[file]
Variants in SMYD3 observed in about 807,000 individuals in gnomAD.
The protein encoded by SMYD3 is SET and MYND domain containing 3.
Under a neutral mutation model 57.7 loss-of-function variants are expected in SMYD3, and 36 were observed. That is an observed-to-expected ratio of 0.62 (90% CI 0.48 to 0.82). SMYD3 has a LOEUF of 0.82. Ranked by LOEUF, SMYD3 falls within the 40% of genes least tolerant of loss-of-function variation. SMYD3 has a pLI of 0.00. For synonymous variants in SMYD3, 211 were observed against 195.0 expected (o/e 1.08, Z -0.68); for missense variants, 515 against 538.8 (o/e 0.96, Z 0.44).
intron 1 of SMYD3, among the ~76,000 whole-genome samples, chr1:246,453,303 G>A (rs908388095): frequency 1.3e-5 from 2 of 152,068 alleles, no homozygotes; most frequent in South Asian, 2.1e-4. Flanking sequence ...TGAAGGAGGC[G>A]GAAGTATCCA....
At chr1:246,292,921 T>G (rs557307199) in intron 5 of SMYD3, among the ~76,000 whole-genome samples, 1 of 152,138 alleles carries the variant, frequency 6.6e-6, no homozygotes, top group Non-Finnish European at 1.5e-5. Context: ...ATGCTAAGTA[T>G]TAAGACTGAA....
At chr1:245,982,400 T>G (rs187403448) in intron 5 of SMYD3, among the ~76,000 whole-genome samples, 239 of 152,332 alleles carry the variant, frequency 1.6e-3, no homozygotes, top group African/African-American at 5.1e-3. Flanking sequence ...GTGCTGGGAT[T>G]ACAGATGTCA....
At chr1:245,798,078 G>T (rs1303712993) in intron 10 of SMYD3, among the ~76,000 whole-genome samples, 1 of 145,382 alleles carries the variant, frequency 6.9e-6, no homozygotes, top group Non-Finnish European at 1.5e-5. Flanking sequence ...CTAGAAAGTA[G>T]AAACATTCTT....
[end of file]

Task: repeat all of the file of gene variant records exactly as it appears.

Variants in SMYD3 observed in about 807,000 individuals in gnomAD.
The protein encoded by SMYD3 is SET and MYND domain containing 3.
Under a neutral mutation model 57.7 loss-of-function variants are expected in SMYD3, and 36 were observed. That is an observed-to-expected ratio of 0.62 (90% CI 0.48 to 0.82). SMYD3 has a LOEUF of 0.82. Ranked by LOEUF, SMYD3 falls within the 40% of genes least tolerant of loss-of-function variation. SMYD3 has a pLI of 0.00. For synonymous variants in SMYD3, 211 were observed against 195.0 expected (o/e 1.08, Z -0.68); for missense variants, 515 against 538.8 (o/e 0.96, Z 0.44).
intron 1 of SMYD3, among the ~76,000 whole-genome samples, chr1:246,453,303 G>A (rs908388095): frequency 1.3e-5 from 2 of 152,068 alleles, no homozygotes; most frequent in South Asian, 2.1e-4. Flanking sequence ...TGAAGGAGGC[G>A]GAAGTATCCA....
At chr1:246,292,921 T>G (rs557307199) in intron 5 of SMYD3, among the ~76,000 whole-genome samples, 1 of 152,138 alleles carries the variant, frequency 6.6e-6, no homozygotes, top group Non-Finnish European at 1.5e-5. Context: ...ATGCTAAGTA[T>G]TAAGACTGAA....
At chr1:245,982,400 T>G (rs187403448) in intron 5 of SMYD3, among the ~76,000 whole-genome samples, 239 of 152,332 alleles carry the variant, frequency 1.6e-3, no homozygotes, top group African/African-American at 5.1e-3. Flanking sequence ...GTGCTGGGAT[T>G]ACAGATGTCA....
At chr1:245,798,078 G>T (rs1303712993) in intron 10 of SMYD3, among the ~76,000 whole-genome samples, 1 of 145,382 alleles carries the variant, frequency 6.9e-6, no homozygotes, top group Non-Finnish European at 1.5e-5. Flanking sequence ...CTAGAAAGTA[G>T]AAACATTCTT....